Is giving birth at home safe? Is it financially more beneficial? What are the pros and cons that women thinking about home delivery must consider?
Los Angeles, November 6, 2017 : Actress Gal Gadot had planned her second pregnancy well so that it caused minimal disruption to her work commitments.
The 32-year-old actress – who has daughters Alma, six, and Maya, seven months, with husband Yaron Versano – says she knew she wanted a second child, but wanted to plan it carefully, reports femalefirst.co.uk.
“I scheduled it so I wasn’t going to be too pregnant for ‘Justice League’ or when I promoted ‘Wonder Woman’. I had a lot of luck. It’s been difficult, but I had wanted to have a second child for a while,” Gadot told Glamour magazine.
She was in the early stages of her pregnancy while filming “Justice League”.
“It was challenging with morning sickness and migraines. But you adjust. You get used to feeling like s**t and having to perform,” she said, and added that working with the likes of Ben Affleck, Jason Momoa, Henry Cavill and Ezra Miller in the movie was fun”.
“Making the film with so many men, I’ve never felt so safe. Big men!”
The success of “Wonder Woman” led to several offers come her way, but Gal Gadot remains grounded.
“I’m super-appreciative because I know it’s all a big game and the rules are known in advance. When you’re successful, the phone will ring, if a film flops, there will be crickets. So I take everything with a grain of salt and enjoy it while it’s there,” she added. (IANS)
New York, Nov 5: Undergoing a type of hormone replacement therapy — used for menopausal treatment — may help protect as well as improve working memory for some women as they age, according to a new study.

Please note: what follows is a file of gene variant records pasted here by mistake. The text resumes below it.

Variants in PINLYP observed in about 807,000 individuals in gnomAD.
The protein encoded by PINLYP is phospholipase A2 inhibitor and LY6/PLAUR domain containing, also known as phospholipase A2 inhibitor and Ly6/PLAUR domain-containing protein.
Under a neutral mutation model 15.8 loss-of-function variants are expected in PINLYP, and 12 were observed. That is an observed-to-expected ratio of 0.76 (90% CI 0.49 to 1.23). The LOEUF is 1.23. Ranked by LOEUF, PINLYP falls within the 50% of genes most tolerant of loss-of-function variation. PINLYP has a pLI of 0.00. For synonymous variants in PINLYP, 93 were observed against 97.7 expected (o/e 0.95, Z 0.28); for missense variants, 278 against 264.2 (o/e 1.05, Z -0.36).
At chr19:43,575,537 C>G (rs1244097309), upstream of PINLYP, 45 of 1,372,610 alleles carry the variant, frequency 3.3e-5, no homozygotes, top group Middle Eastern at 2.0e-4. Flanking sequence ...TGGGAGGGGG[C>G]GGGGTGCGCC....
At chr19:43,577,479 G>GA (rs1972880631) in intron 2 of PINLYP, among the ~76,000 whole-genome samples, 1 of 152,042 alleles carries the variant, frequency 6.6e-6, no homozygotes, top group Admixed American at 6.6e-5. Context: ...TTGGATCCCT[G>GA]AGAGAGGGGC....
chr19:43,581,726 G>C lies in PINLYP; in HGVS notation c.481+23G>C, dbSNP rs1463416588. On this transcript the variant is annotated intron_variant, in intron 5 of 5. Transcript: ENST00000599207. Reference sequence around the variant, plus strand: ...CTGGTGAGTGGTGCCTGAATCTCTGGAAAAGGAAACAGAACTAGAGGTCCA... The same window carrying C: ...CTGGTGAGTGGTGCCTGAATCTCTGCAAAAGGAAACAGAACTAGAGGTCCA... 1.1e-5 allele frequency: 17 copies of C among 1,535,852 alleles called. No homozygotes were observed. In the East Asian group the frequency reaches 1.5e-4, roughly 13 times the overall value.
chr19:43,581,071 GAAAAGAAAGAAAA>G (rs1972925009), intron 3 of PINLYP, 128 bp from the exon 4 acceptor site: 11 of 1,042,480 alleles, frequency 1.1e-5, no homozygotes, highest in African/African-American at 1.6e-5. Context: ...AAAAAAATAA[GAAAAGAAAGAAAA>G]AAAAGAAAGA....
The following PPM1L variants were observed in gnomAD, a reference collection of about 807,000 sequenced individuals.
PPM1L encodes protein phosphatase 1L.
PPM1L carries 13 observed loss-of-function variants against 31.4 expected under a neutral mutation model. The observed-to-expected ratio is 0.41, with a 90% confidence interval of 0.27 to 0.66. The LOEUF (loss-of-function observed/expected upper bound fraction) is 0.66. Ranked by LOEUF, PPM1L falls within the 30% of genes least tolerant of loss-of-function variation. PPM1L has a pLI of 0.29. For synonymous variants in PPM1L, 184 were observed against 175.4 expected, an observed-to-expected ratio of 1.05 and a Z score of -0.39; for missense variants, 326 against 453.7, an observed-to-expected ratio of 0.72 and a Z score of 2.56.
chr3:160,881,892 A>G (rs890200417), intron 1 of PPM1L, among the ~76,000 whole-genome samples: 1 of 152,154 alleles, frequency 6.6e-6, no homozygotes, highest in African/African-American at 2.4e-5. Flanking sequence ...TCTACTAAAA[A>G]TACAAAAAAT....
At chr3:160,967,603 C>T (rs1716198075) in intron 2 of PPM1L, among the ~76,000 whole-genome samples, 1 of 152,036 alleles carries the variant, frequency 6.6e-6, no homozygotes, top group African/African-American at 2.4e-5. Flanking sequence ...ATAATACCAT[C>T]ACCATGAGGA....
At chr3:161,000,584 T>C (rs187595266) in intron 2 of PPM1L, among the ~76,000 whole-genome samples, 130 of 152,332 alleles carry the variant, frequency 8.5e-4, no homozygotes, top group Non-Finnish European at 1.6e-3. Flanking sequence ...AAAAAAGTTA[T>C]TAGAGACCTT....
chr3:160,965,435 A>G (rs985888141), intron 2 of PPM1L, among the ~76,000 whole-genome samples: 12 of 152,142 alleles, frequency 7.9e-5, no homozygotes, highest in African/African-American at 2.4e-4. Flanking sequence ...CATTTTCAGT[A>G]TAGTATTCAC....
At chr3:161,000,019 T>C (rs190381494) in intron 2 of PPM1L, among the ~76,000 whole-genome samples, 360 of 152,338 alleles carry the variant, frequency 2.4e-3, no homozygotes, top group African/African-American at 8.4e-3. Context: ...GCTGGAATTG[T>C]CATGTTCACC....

Hormone replacement therapy uses female hormones – oestrogen and progesterone – to treat common symptoms of menopause and ageing.
The findings showed that women taking oestrogen-only therapy had lower levels of the stress hormone cortisol and performed better on tests of “working memory” following exposure to stress compared to women taking a placebo.
“Our study suggests that oestrogen treatment after menopause protects the memory that is needed for short-term cognitive tasks from the effects of stress,” said lead author Alexandra Ycaza Herrera, a researcher at the University of Southern California – Davis.
To measure the effect of oestrogen therapy on working memory under stress, the team recruited 42 women with an average age of 66.
Half of the postmenopausal women had been on estradiol — a type of oestrogen therapy — for approximately five years, while the others had received a placebo.
The researchers, in the paper published in the Journal of Clinical Endocrinology and Metabolism, collected saliva to measure the women’s levels of cortisol, oestrogen, and progesterone.
They also ran a test of working memory called a “sentence span task”, in which the women were each given a series and then asked whether each sentence made sense. They also were asked to recall the last word of each one.
While women receiving oestrogen therapy had a smaller increase in cortisol and showed no decrease in working memory function, even after being exposed to stressful situation, those taking the placebo experienced a spike in cortisol levels as well as demonstrated a decrease in working memory function.
Previous studies have pointed to potential health risks — the Ahigher risk of breast cancer, heart disease, stroke and blood clots — of the treatment.
New Delhi, November 1, 2017 : I have grown up as a conscious kid; hours spent looking at pictures of strangers with perfectly toned bodies have been like an everyday ritual, carried out religiously, day after day. But thankfully, my fascination for the ‘ideal’ body that ruled the internet never materialized and it was not long before I became happy in my own skin.